The outline of this paper is as follows. Section 2 elaborates the forward model and norm regularization algorithm. Section 3 demonstrates the feasibility and effectiveness of the method with both simulated data and in vivo experimental data. Finally, we conclude the paper and discuss relevant issues in Section 4.
2.1. Light Propagation Model
As an approximation to Radiative Transfer Equation (RTE), the Diffusion Approximation associated with Robin boundary conditions has been widely used for modeling the light transportation in biological tissues [20, 21]. For steady-state FMT with point excitation sources, the coupled diffusion equations can be presented as follows:where subscript and denote excitation light and emission light, respectively. is the domain under consideration. and are diffusion coefficients with , as absorption coefficients for excitation and emission wavelengths, is the anisotropy parameter, and , are the reduced scattering coefficients. and denote the photon density. is the unknown fluorescent yield to be reconstructed. Using the finite elements method (FEM), (1) can be linearly discretized as follows:where and denote the system matrix at excitation and emission wavelengths, respectively. The symmetric matrix is obtained by discretizing the unknown fluorescent yield distribution. The final linear relationship between the unknown fluorescence yield and the measured surface data can be obtained as follows:where is linear system matrix which is large-sized and ill-posed.
2.2. Inverse Reconstruction of FMT by DCA- Algorithm
The CS theory provides sufficient conditions for the exact recovery of the sparse signals from limited number of measurements. One commonly used concept is the mutual coherence [17, 22] which is defined aswhere and are different columns of . The mutual coherence of system matrix derived by FEM method is always as high as above 90% . In the highly coherent regime of CS, () and norm regularizers are expected to yield the sparest solution that regularization always fails to [17, 18].
Recently, a DCA- algorithm was proposed and theoretical properties of minimization have been proved in papers [17, 23]. Considering the advantages of minimization, we converted linear matrix equation (3) into the following unconstrained optimization problem:where is a regularization parameter which is usually empirically selected and denotes the regularization operator.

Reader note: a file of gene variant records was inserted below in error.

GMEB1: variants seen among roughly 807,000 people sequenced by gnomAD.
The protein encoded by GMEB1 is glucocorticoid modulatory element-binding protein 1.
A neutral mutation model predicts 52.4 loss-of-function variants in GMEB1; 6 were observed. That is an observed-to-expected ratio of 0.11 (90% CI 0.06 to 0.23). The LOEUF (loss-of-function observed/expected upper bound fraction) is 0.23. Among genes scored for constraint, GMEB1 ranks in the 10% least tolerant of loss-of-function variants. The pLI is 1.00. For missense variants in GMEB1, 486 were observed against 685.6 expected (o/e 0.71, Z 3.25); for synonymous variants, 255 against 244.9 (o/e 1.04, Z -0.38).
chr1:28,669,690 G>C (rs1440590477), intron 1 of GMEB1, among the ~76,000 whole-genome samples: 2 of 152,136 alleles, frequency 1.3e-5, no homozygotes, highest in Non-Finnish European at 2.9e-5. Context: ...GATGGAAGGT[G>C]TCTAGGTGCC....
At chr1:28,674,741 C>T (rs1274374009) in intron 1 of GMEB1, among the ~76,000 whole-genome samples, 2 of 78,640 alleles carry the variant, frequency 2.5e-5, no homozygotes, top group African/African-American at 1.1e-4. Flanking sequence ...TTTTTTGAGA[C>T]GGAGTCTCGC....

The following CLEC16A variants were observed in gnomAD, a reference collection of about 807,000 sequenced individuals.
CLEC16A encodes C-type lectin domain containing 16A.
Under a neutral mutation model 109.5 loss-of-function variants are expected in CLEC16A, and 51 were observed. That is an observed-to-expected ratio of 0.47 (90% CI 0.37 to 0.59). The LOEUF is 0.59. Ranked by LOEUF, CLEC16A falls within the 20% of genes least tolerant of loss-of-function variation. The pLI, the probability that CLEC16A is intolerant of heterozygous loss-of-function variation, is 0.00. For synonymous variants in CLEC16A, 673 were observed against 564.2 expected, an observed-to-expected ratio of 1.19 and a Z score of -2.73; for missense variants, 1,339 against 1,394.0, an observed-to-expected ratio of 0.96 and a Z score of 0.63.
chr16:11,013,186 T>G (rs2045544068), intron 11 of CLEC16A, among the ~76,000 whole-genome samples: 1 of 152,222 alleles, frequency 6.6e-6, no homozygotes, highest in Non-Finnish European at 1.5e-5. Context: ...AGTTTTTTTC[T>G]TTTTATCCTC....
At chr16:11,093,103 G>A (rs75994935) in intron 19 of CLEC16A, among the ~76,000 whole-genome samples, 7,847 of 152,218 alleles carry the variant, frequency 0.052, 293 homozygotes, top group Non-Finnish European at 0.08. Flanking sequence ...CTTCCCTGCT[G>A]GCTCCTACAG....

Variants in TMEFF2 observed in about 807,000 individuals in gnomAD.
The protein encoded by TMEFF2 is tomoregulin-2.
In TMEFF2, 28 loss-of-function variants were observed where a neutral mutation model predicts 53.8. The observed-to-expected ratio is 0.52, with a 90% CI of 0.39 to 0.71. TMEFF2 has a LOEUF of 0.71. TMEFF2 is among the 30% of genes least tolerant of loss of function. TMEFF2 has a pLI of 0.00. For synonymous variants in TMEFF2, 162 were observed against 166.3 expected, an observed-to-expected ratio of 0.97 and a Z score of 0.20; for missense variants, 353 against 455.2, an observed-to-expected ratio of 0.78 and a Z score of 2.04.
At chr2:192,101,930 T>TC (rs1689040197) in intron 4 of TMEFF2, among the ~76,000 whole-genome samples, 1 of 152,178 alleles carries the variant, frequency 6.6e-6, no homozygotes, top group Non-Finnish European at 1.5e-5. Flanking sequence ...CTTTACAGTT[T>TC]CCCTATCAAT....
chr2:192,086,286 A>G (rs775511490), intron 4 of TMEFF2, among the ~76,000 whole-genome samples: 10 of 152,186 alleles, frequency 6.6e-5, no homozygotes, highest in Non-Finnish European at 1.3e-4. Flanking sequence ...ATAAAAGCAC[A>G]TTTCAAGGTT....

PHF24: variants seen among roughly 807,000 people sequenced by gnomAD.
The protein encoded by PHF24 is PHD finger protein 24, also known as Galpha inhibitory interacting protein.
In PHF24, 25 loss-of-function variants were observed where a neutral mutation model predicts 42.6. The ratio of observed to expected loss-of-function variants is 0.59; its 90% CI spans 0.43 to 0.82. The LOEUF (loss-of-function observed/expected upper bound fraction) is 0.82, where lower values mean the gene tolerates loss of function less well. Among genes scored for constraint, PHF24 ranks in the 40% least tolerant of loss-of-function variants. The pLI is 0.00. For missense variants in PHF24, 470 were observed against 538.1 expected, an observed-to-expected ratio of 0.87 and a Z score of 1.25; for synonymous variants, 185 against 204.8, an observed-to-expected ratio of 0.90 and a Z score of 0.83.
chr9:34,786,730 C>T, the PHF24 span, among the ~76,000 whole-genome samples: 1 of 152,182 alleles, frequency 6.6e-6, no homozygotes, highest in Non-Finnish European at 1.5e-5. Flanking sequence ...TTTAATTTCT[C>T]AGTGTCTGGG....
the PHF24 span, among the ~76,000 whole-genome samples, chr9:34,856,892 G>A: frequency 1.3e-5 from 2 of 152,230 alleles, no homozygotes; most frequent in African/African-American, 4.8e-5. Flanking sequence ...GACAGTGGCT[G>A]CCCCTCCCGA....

To resolve minimization problem (5), the difference of convex algorithm (DCA)  which is a descent method without line search was used. Equation (5) can be decomposed into DC decomposition as , where
In (6), is differentiable with gradient . An iterative scheme was used to solve as follows:
In each DCA iteration, there is a -regularized convex subproblem that needs to be solved:
We use the augmented Lagrangian method and transform (8) into the following:
The subproblem is solved by minimizing with respect to , minimizing with respect to , and updating successively. In order to solve (9) with a fast speed of convergence, an ADMM strategy with an adaptive penalty  was utilized as follows:
In the above iterations, the update of is based on the soft-thresholding operator, where
Meanwhile, the penalty was updated as an adaptive form as follows:where is an upper bound of and is defined as follows:where is a constant.
Algorithm 1 presents the iterative process of DCA- algorithm for FMT reconstruction. To begin with the iteration, the initial value was set as subproblem.
3. Experiments and Results